Chemical Industry and Chemical Engineering Quarterly 2005 Volume 11, Issue 3, Pages: 105-113
doi:10.2298/CICEQ0503105B
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Fuel cells and hydrogen economy

Barbir Frano

Fuel cells with applications ranging from power generation to transportation need hydrogen as fuel. Hydrogen is not a source of energy, and hydrogen is not a readily available fuel. Hydrogen is more like electricity - an intermediary form of energy or an energy carrier. However, while electricity infrastructure is already in place, hydrogen infrastructure is practically nonexistent. It is this lack of hydrogen infrastructure that is considered to be one of the biggest obstacles to fuel cell commercialization. Commercialization of fuel cells, particularly for transportation and stationary electricity generation markets, must be accompanied by commercialization of hydrogen energy technologies, i.e., technologies for hydrogen production, distribution and storage. In other words, hydrogen must become a readily available commodity (not as a technical gas but as an energy carrier) before fuel cells can be fully commercialized. On the other hand, it may very well be that the fuel cells will become the driving force for development of hydrogen energy technologies. Fuel cells have many unique properties, such as high energy efficiency, no emissions, no noise, modularity, and potentially low cost, which may make them attractive in many applications even with a limited hydrogen supply. This creates what is often referred to as a 'chicken and egg problem' - does the development and commercialization of fuel cells come before development of hydrogen energy technologies or must hydrogen infrastructure be in place before fuel cells can be commercialized? Hydrogen as fuel cannot compete in today's market with the very fuels it is produced from (including electricity). Also, as any new technology, hydrogen energy technologies, such as fuel cells, are in most cases initially more expensive than the existing mature technologies, even when real economics is applied. Hydrogen energy technologies are expensive because the equipment for hydrogen production and utilization is not mass-produced. It is not mass-produced because there is no demand for it, and there is no demand because it is too expensive. This is a closed circle, or another chicken-and-egg problem. The only way for hydrogen energy technologies to penetrate into the major energy markets is to start with those technologies that may have niche markets, where the competition with the existing technologies is not as fierce and/or where they offer clear advantage over the existing technologies regardless of the price. Another push for commercialization may be gained through governmental and/or international subsidies for technologies that offer some clear advantages. Once developed, these technologies may help reduce the cost of other related hydrogen technologies, and initiate and accelerate their widespread market penetrations. This article discusses the role of fuel cells in the future Hydrogen Economy, and explores possible transition paths and strategies.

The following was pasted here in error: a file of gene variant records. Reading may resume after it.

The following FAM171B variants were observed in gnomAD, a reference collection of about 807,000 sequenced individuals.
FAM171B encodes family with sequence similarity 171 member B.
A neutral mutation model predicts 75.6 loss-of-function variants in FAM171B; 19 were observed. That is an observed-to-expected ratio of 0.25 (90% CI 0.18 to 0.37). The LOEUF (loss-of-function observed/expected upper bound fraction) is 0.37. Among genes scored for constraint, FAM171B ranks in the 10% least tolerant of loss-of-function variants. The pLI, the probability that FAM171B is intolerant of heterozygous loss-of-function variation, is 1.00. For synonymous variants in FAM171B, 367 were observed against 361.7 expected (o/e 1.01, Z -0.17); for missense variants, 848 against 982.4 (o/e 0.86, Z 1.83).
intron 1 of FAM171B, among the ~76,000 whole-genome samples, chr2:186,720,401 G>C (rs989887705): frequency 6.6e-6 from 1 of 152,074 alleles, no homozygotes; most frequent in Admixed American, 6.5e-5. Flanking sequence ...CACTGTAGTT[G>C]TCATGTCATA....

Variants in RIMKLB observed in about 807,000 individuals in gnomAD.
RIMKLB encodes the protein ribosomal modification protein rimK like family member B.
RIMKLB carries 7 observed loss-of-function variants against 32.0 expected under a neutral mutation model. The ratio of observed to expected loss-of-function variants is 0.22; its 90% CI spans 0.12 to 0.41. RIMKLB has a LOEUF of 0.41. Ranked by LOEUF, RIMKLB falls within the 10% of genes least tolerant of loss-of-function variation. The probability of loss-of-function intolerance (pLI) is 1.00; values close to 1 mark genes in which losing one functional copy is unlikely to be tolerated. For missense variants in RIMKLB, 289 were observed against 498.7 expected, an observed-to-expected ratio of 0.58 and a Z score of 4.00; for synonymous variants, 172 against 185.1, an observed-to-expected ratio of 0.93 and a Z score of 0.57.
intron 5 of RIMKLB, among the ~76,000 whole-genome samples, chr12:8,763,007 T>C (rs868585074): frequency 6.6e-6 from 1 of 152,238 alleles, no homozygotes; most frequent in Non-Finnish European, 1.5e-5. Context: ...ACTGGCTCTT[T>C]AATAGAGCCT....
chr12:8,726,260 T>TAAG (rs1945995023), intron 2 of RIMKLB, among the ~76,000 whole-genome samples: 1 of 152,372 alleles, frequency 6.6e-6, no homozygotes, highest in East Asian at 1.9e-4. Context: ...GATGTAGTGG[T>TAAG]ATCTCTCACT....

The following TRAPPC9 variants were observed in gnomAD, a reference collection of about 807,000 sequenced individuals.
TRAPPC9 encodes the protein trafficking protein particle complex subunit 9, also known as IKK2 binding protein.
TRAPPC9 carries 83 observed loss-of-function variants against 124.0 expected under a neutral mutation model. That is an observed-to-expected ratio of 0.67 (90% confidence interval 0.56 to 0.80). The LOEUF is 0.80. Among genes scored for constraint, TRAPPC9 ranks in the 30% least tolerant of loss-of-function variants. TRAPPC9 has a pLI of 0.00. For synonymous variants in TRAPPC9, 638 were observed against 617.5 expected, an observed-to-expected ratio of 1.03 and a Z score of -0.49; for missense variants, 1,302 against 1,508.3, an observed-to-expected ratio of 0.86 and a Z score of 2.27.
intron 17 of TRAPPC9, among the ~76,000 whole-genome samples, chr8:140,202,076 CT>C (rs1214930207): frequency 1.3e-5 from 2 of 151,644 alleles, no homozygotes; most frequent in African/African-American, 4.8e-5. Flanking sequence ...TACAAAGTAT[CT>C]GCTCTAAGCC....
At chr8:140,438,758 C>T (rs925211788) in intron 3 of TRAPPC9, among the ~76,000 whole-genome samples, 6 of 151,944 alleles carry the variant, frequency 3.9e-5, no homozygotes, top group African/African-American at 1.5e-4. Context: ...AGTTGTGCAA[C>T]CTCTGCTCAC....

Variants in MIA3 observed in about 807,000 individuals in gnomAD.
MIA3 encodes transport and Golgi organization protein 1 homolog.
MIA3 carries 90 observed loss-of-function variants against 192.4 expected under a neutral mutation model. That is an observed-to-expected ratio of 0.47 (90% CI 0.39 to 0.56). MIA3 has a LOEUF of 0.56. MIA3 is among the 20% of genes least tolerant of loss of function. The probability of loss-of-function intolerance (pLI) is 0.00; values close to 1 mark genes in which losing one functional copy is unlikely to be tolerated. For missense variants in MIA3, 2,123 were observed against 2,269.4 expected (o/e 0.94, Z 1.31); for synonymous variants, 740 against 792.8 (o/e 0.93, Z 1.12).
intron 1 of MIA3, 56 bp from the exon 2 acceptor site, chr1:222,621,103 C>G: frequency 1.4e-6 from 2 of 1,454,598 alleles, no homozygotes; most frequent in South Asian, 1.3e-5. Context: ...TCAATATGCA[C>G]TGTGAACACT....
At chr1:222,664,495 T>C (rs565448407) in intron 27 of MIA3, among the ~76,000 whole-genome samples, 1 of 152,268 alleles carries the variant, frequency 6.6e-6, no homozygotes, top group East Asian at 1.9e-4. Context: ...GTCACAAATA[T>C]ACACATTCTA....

Keywords: hydrogen, economy, fuel cell

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